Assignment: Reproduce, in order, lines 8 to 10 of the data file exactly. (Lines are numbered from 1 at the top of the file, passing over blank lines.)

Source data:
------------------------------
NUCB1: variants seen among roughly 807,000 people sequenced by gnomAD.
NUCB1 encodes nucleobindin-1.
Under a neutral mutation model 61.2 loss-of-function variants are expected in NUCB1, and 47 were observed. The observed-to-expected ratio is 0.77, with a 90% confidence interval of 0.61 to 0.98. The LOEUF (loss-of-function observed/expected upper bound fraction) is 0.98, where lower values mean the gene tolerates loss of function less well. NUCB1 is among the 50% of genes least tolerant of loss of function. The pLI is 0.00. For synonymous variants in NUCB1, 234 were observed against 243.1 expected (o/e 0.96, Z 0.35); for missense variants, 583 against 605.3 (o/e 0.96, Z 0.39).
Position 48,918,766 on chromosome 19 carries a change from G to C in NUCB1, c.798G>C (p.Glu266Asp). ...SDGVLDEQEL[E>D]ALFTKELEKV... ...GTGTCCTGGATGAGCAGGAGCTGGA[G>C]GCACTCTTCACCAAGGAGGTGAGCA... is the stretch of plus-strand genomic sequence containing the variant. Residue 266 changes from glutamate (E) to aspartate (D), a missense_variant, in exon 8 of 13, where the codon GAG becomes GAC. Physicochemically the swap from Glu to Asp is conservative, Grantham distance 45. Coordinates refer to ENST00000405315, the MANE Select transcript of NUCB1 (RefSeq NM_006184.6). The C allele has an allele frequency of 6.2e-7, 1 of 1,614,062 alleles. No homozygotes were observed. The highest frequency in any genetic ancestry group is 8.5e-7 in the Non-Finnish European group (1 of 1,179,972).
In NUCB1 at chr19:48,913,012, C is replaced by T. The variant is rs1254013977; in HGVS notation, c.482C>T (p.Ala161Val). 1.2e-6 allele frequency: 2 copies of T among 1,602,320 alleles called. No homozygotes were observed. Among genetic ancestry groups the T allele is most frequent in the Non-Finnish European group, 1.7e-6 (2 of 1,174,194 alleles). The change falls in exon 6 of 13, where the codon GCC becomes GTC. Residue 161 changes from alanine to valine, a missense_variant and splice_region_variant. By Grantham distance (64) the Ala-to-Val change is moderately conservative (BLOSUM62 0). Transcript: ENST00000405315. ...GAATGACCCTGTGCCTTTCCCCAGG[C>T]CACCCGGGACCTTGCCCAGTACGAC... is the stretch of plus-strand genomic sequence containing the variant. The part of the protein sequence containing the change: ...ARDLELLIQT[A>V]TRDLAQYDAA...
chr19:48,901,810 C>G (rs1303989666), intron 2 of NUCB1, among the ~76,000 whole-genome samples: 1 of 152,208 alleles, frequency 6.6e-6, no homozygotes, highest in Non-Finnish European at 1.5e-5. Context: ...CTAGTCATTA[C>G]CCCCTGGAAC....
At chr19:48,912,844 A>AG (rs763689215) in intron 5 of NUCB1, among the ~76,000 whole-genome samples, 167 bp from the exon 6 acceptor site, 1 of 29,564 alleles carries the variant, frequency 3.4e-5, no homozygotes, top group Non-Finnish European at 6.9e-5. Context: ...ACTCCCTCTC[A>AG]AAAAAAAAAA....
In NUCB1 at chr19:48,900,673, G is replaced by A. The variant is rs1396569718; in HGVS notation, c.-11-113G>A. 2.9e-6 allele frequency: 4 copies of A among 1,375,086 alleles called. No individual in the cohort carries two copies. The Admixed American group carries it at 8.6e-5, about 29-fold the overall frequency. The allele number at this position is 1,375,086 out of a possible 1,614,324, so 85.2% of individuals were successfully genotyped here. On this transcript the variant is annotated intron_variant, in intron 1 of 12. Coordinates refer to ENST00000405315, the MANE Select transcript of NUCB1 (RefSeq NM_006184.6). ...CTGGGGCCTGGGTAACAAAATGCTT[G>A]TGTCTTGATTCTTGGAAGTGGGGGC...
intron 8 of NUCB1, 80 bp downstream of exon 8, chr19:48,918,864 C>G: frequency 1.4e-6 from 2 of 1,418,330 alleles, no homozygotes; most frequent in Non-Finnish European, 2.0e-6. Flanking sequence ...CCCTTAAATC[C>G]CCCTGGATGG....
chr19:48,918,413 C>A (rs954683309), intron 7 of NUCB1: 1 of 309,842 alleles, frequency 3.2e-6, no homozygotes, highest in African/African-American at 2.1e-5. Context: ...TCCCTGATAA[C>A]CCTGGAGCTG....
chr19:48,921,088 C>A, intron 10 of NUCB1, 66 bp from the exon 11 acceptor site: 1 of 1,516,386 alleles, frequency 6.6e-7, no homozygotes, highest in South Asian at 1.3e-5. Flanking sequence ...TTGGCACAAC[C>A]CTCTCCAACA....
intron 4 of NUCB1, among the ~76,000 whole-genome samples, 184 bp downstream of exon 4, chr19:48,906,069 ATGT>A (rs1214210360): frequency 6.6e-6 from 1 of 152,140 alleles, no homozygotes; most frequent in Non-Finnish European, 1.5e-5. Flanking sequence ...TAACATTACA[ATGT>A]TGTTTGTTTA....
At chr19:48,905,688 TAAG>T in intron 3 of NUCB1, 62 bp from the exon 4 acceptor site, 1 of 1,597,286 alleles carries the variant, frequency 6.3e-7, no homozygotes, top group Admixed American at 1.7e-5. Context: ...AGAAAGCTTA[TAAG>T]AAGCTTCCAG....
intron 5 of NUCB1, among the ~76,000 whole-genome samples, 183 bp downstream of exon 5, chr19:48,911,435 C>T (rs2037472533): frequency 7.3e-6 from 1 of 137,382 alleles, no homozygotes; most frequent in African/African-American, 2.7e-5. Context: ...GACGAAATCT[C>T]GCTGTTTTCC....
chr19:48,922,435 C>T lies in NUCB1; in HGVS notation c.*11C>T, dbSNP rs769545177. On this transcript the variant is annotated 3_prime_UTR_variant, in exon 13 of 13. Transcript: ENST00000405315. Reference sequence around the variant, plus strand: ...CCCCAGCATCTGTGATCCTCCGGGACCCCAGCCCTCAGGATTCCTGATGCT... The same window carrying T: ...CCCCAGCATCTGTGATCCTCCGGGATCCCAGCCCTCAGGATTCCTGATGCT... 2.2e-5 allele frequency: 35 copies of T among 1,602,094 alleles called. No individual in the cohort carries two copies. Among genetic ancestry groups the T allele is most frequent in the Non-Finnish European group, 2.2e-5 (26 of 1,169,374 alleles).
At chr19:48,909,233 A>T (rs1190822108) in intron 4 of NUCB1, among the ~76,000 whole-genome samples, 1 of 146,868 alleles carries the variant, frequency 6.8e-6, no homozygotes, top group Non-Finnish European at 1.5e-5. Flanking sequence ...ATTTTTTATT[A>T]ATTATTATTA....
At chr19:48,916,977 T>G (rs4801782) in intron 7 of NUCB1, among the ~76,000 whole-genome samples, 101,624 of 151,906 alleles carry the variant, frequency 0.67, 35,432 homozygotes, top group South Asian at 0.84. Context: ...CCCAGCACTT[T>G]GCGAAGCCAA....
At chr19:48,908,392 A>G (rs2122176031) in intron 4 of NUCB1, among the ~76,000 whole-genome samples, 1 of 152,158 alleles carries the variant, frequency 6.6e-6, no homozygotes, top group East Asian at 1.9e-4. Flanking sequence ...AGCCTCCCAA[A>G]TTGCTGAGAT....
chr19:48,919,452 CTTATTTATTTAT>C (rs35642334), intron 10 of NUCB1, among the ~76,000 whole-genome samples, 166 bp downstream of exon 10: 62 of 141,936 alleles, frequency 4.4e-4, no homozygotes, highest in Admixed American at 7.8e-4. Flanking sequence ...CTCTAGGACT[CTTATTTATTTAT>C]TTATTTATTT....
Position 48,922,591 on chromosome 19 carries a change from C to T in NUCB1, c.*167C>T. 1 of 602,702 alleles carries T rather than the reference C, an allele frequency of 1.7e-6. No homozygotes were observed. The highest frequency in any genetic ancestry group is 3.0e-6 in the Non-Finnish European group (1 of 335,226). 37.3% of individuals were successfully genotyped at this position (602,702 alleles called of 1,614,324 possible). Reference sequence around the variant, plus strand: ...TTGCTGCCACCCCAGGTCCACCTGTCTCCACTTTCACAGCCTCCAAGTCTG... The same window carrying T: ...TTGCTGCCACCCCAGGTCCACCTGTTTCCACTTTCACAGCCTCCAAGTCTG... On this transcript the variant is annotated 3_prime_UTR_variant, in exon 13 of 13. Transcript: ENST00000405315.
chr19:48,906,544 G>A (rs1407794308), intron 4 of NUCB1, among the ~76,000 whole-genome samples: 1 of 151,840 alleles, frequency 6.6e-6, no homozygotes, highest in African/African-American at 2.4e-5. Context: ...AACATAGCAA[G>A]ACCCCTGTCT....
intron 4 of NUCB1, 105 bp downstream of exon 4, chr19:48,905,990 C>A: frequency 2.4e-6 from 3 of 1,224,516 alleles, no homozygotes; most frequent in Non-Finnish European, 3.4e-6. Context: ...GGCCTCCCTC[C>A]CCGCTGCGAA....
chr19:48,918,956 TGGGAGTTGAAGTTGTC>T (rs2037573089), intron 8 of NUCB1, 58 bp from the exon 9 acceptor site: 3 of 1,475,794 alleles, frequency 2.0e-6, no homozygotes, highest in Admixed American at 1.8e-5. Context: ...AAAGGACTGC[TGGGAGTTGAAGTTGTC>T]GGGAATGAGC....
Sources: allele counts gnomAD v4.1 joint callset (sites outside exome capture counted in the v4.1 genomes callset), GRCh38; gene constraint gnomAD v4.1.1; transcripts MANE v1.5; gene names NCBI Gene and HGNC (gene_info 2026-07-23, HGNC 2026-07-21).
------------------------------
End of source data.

In NUCB1 at chr19:48,900,673, G is replaced by A. The variant is rs1396569718; in HGVS notation, c.-11-113G>A. 2.9e-6 allele frequency: 4 copies of A among 1,375,086 alleles called. No individual in the cohort carries two copies. The Admixed American group carries it at 8.6e-5, about 29-fold the overall frequency. The allele number at this position is 1,375,086 out of a possible 1,614,324, so 85.2% of individuals were successfully genotyped here. On this transcript the variant is annotated intron_variant, in intron 1 of 12. Coordinates refer to ENST00000405315, the MANE Select transcript of NUCB1 (RefSeq NM_006184.6). ...CTGGGGCCTGGGTAACAAAATGCTT[G>A]TGTCTTGATTCTTGGAAGTGGGGGC...
intron 8 of NUCB1, 80 bp downstream of exon 8, chr19:48,918,864 C>G: frequency 1.4e-6 from 2 of 1,418,330 alleles, no homozygotes; most frequent in Non-Finnish European, 2.0e-6. Flanking sequence ...CCCTTAAATC[C>G]CCCTGGATGG....
chr19:48,918,413 C>A (rs954683309), intron 7 of NUCB1: 1 of 309,842 alleles, frequency 3.2e-6, no homozygotes, highest in African/African-American at 2.1e-5. Context: ...TCCCTGATAA[C>A]CCTGGAGCTG....